Decades into the AIDS epidemic, how we understand the reality we face and who are most at risk are changing, and fast. We are used to cleaner, simpler strategies: some people at risk are ‘key populations’ and assumed to be at risk practically everywhere, e.g., gay men, sex workers, intravenous drug users. Others are simply ‘vulnerable populations’, and are not as fundamentally at risk.
In this latter group used to be groups like prisoners and mobile or migrant populations. More and more, however, as we wake up to the real-life situations of these vulnerable groups, it is not as easy to distinguish between key and vulnerable groups. And clearly, since who is a key population is ultimately a national decision based on national epidemiology, it can certainly be the case that prisoners or indeed migrants may already in fact be key populations at the national or sub-regional level. For example, a strong argument can be made that migrants from high HIV prevalence African countries are a key population for Europe. And key populations are prioritized for HIV services and have a first claim on limited human and financial HIV resources.
But migrants are not just a group at higher risk of HIV. Migrants are an essential component of development. Migrants send close to 600 million dollars back to their families each year. This is more than is contributed by foreign aid to developing countries. And whereas previously men were the most visible migrants leaving home to provide for their families in a foreign country or in some other rural or urban location, this is no longer the case. Whereas women used to migrate as the spouses or relatives of male migrants, now women clearly migrate in their own right, based on their own skills, in order to also better provide for their families. And just as there were HIV risks for men who often migrated alone, so now there are growing HIV risks for women who travel away from home to make a living, including labour and sexual exploitation and abuse.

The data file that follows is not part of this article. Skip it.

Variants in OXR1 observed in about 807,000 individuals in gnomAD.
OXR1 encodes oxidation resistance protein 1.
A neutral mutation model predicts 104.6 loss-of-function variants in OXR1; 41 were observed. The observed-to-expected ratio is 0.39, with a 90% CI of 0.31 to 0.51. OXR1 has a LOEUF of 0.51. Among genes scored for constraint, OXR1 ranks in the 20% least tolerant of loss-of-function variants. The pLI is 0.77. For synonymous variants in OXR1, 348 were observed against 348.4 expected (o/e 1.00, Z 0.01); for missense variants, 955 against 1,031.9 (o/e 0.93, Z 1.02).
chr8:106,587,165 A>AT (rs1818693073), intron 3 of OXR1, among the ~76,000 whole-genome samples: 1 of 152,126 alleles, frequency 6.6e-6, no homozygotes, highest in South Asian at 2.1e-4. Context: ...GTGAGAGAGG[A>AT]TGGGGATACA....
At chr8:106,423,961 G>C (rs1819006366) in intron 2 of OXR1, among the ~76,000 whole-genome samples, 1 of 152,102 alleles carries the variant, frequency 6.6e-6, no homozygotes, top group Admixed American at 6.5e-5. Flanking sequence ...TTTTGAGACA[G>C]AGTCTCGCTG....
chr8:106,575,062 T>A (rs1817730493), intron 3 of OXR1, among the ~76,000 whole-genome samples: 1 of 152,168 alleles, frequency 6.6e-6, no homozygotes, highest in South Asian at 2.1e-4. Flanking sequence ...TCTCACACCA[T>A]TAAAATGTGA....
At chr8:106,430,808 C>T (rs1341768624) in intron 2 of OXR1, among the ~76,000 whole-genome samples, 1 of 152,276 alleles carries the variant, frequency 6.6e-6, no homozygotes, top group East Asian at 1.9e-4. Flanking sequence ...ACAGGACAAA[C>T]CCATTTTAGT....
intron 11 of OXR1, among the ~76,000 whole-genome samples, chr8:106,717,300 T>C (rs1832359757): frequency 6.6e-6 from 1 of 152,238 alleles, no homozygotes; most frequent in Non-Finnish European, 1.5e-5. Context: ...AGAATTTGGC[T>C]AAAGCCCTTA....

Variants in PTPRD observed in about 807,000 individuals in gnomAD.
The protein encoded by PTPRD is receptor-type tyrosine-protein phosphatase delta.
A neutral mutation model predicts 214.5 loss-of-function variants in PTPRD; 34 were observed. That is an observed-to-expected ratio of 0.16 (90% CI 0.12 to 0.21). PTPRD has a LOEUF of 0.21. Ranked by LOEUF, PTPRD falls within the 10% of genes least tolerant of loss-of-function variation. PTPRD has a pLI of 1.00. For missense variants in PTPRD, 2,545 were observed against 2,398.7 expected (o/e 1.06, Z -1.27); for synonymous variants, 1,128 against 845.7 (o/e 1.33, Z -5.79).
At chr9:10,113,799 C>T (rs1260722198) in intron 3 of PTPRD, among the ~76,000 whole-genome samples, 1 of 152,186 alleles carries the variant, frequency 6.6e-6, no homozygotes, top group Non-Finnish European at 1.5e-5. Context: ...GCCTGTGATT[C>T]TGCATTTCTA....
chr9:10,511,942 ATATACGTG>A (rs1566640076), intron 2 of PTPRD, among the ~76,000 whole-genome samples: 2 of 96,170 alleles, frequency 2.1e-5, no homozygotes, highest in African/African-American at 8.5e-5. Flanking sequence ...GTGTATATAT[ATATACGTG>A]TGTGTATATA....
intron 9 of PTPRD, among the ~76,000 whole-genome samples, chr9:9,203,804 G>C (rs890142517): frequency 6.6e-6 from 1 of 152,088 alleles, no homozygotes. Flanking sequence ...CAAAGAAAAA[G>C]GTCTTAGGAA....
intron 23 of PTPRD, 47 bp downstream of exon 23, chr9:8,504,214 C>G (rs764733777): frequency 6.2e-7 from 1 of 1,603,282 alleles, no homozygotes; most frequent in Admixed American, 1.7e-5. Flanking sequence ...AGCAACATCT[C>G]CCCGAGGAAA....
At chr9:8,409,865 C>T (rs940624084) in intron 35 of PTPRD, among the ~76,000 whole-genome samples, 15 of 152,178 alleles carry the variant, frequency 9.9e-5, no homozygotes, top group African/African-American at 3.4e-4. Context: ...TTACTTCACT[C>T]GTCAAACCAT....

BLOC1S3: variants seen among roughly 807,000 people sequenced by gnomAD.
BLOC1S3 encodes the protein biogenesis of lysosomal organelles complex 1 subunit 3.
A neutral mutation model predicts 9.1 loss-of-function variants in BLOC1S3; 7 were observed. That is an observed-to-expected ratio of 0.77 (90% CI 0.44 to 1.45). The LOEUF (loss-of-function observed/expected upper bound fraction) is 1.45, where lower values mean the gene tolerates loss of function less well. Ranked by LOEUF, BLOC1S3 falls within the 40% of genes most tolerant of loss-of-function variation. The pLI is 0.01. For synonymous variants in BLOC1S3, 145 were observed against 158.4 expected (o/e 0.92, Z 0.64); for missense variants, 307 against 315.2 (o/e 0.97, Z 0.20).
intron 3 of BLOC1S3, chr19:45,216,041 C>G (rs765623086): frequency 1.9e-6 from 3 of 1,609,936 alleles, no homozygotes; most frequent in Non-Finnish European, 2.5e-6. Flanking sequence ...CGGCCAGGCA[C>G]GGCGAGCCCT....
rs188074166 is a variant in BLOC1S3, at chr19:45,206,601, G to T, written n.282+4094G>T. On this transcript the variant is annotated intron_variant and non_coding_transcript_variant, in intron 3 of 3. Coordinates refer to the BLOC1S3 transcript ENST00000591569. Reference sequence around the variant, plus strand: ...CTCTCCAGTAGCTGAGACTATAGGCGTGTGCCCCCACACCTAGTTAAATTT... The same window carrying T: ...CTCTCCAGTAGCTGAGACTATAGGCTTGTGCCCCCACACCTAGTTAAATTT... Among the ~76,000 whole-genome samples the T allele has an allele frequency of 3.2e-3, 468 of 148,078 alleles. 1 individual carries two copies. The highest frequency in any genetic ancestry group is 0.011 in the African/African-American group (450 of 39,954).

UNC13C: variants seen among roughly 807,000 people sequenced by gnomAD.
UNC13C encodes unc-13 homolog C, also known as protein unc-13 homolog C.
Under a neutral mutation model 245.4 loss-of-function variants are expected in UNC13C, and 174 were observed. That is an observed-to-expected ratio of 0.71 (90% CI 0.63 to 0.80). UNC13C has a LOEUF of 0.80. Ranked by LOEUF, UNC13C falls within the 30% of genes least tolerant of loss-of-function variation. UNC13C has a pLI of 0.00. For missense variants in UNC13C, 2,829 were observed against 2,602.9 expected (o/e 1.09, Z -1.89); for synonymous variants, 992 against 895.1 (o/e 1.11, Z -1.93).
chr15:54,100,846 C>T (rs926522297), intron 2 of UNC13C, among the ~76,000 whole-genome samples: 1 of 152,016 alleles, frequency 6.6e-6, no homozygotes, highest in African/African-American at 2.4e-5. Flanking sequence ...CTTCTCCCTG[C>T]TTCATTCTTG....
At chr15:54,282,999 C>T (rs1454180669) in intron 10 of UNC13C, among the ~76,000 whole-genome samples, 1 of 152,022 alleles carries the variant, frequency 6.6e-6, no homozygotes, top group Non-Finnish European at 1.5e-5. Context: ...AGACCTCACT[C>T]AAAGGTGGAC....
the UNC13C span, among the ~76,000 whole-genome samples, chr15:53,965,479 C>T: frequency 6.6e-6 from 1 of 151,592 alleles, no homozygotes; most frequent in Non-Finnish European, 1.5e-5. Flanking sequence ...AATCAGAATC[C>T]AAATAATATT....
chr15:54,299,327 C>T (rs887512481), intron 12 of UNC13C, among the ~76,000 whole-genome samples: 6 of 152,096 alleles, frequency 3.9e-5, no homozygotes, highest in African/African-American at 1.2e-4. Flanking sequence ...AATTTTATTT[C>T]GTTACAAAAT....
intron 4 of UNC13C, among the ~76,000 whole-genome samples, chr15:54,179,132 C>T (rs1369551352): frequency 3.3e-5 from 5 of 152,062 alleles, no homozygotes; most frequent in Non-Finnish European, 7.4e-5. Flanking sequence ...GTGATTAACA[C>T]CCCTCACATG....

Migration, however, is not a problem to be solved. It is an essential component of what it means to be human. Human evolution is itself a history of human mobility and migration, people on the move to find a better living. The challenge we face, therefore, is to urgently manage the significant risks associated with speeded up migration in our globalized world, included the risks specific to HIV.
“Migrant” is a loaded term. And there is no global agreement across countries about what we mean. So talking about or studying this topic can become a confusing case of comparing apples and oranges. Our data on migration is still too often weak and our conclusions can lack solidity.